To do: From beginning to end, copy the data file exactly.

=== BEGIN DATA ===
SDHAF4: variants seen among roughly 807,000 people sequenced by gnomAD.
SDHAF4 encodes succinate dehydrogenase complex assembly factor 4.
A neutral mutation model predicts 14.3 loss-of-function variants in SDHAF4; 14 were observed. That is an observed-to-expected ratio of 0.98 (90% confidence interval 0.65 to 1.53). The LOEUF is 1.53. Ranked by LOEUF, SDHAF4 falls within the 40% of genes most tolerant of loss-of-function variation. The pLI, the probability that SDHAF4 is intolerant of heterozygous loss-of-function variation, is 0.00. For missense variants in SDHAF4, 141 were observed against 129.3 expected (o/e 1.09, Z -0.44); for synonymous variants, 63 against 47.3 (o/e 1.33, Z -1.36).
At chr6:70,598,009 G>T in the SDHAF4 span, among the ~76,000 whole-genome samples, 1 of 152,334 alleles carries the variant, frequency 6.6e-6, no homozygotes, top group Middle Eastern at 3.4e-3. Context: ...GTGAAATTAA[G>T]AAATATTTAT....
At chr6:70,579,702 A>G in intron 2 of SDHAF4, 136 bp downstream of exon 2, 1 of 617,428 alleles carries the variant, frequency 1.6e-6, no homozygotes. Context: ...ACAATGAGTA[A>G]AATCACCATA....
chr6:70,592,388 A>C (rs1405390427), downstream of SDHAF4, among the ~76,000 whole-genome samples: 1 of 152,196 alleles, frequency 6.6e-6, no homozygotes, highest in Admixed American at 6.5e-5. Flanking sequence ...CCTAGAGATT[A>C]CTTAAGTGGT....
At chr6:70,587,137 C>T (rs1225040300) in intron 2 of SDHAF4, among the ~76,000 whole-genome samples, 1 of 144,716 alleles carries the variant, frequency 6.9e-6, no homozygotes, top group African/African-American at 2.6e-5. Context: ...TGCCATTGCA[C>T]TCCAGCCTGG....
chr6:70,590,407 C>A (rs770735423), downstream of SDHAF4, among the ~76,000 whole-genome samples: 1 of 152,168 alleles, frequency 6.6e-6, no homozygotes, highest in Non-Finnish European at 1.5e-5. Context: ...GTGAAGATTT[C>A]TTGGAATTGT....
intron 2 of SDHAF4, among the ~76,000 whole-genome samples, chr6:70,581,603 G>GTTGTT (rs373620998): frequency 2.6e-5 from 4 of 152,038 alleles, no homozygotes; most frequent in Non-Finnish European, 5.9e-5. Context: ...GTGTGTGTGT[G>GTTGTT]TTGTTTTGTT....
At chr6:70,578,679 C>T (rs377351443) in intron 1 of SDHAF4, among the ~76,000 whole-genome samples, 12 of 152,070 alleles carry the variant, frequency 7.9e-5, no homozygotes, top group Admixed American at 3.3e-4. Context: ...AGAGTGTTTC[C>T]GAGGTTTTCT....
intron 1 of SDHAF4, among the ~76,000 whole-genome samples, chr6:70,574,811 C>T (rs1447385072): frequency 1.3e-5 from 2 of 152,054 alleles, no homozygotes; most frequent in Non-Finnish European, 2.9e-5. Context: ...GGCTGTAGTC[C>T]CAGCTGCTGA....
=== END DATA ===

SDHAF4: variants seen among roughly 807,000 people sequenced by gnomAD.
SDHAF4 encodes succinate dehydrogenase complex assembly factor 4.
A neutral mutation model predicts 14.3 loss-of-function variants in SDHAF4; 14 were observed. That is an observed-to-expected ratio of 0.98 (90% confidence interval 0.65 to 1.53). The LOEUF is 1.53. Ranked by LOEUF, SDHAF4 falls within the 40% of genes most tolerant of loss-of-function variation. The pLI, the probability that SDHAF4 is intolerant of heterozygous loss-of-function variation, is 0.00. For missense variants in SDHAF4, 141 were observed against 129.3 expected (o/e 1.09, Z -0.44); for synonymous variants, 63 against 47.3 (o/e 1.33, Z -1.36).
At chr6:70,598,009 G>T in the SDHAF4 span, among the ~76,000 whole-genome samples, 1 of 152,334 alleles carries the variant, frequency 6.6e-6, no homozygotes, top group Middle Eastern at 3.4e-3. Context: ...GTGAAATTAA[G>T]AAATATTTAT....
At chr6:70,579,702 A>G in intron 2 of SDHAF4, 136 bp downstream of exon 2, 1 of 617,428 alleles carries the variant, frequency 1.6e-6, no homozygotes. Context: ...ACAATGAGTA[A>G]AATCACCATA....
chr6:70,592,388 A>C (rs1405390427), downstream of SDHAF4, among the ~76,000 whole-genome samples: 1 of 152,196 alleles, frequency 6.6e-6, no homozygotes, highest in Admixed American at 6.5e-5. Flanking sequence ...CCTAGAGATT[A>C]CTTAAGTGGT....
At chr6:70,587,137 C>T (rs1225040300) in intron 2 of SDHAF4, among the ~76,000 whole-genome samples, 1 of 144,716 alleles carries the variant, frequency 6.9e-6, no homozygotes, top group African/African-American at 2.6e-5. Context: ...TGCCATTGCA[C>T]TCCAGCCTGG....
chr6:70,590,407 C>A (rs770735423), downstream of SDHAF4, among the ~76,000 whole-genome samples: 1 of 152,168 alleles, frequency 6.6e-6, no homozygotes, highest in Non-Finnish European at 1.5e-5. Context: ...GTGAAGATTT[C>A]TTGGAATTGT....
intron 2 of SDHAF4, among the ~76,000 whole-genome samples, chr6:70,581,603 G>GTTGTT (rs373620998): frequency 2.6e-5 from 4 of 152,038 alleles, no homozygotes; most frequent in Non-Finnish European, 5.9e-5. Context: ...GTGTGTGTGT[G>GTTGTT]TTGTTTTGTT....
At chr6:70,578,679 C>T (rs377351443) in intron 1 of SDHAF4, among the ~76,000 whole-genome samples, 12 of 152,070 alleles carry the variant, frequency 7.9e-5, no homozygotes, top group Admixed American at 3.3e-4. Context: ...AGAGTGTTTC[C>T]GAGGTTTTCT....
intron 1 of SDHAF4, among the ~76,000 whole-genome samples, chr6:70,574,811 C>T (rs1447385072): frequency 1.3e-5 from 2 of 152,054 alleles, no homozygotes; most frequent in Non-Finnish European, 2.9e-5. Context: ...GGCTGTAGTC[C>T]CAGCTGCTGA....